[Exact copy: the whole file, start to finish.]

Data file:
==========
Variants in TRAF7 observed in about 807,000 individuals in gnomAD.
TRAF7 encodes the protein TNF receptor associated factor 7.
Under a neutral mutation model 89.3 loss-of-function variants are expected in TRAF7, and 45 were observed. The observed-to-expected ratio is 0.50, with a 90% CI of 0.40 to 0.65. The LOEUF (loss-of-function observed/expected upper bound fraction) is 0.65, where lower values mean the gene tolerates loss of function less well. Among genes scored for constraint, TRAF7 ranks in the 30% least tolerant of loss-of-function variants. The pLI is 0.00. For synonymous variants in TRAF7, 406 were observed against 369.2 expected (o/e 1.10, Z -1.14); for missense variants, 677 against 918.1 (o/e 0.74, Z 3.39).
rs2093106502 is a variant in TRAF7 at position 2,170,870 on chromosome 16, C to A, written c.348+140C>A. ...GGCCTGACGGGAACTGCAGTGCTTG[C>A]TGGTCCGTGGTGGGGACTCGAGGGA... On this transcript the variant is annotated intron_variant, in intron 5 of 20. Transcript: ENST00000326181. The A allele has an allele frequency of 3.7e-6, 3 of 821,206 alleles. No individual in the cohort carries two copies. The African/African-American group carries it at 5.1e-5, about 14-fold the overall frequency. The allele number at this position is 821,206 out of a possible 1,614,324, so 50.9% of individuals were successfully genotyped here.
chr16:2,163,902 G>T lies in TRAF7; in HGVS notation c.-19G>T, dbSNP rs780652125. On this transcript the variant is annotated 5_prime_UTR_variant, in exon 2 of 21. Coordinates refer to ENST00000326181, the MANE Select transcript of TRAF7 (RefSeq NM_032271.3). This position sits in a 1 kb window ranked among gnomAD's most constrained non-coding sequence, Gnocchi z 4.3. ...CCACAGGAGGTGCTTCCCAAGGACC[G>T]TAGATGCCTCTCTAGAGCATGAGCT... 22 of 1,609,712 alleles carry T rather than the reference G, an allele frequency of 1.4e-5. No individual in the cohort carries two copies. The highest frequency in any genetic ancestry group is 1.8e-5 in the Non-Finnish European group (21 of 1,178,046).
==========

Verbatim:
Variants in TRAF7 observed in about 807,000 individuals in gnomAD.
TRAF7 encodes the protein TNF receptor associated factor 7.
Under a neutral mutation model 89.3 loss-of-function variants are expected in TRAF7, and 45 were observed. The observed-to-expected ratio is 0.50, with a 90% CI of 0.40 to 0.65. The LOEUF (loss-of-function observed/expected upper bound fraction) is 0.65, where lower values mean the gene tolerates loss of function less well. Among genes scored for constraint, TRAF7 ranks in the 30% least tolerant of loss-of-function variants. The pLI is 0.00. For synonymous variants in TRAF7, 406 were observed against 369.2 expected (o/e 1.10, Z -1.14); for missense variants, 677 against 918.1 (o/e 0.74, Z 3.39).
rs2093106502 is a variant in TRAF7 at position 2,170,870 on chromosome 16, C to A, written c.348+140C>A. ...GGCCTGACGGGAACTGCAGTGCTTG[C>A]TGGTCCGTGGTGGGGACTCGAGGGA... On this transcript the variant is annotated intron_variant, in intron 5 of 20. Transcript: ENST00000326181. The A allele has an allele frequency of 3.7e-6, 3 of 821,206 alleles. No individual in the cohort carries two copies. The African/African-American group carries it at 5.1e-5, about 14-fold the overall frequency. The allele number at this position is 821,206 out of a possible 1,614,324, so 50.9% of individuals were successfully genotyped here.
chr16:2,163,902 G>T lies in TRAF7; in HGVS notation c.-19G>T, dbSNP rs780652125. On this transcript the variant is annotated 5_prime_UTR_variant, in exon 2 of 21. Coordinates refer to ENST00000326181, the MANE Select transcript of TRAF7 (RefSeq NM_032271.3). This position sits in a 1 kb window ranked among gnomAD's most constrained non-coding sequence, Gnocchi z 4.3. ...CCACAGGAGGTGCTTCCCAAGGACC[G>T]TAGATGCCTCTCTAGAGCATGAGCT... 22 of 1,609,712 alleles carry T rather than the reference G, an allele frequency of 1.4e-5. No individual in the cohort carries two copies. The highest frequency in any genetic ancestry group is 1.8e-5 in the Non-Finnish European group (21 of 1,178,046).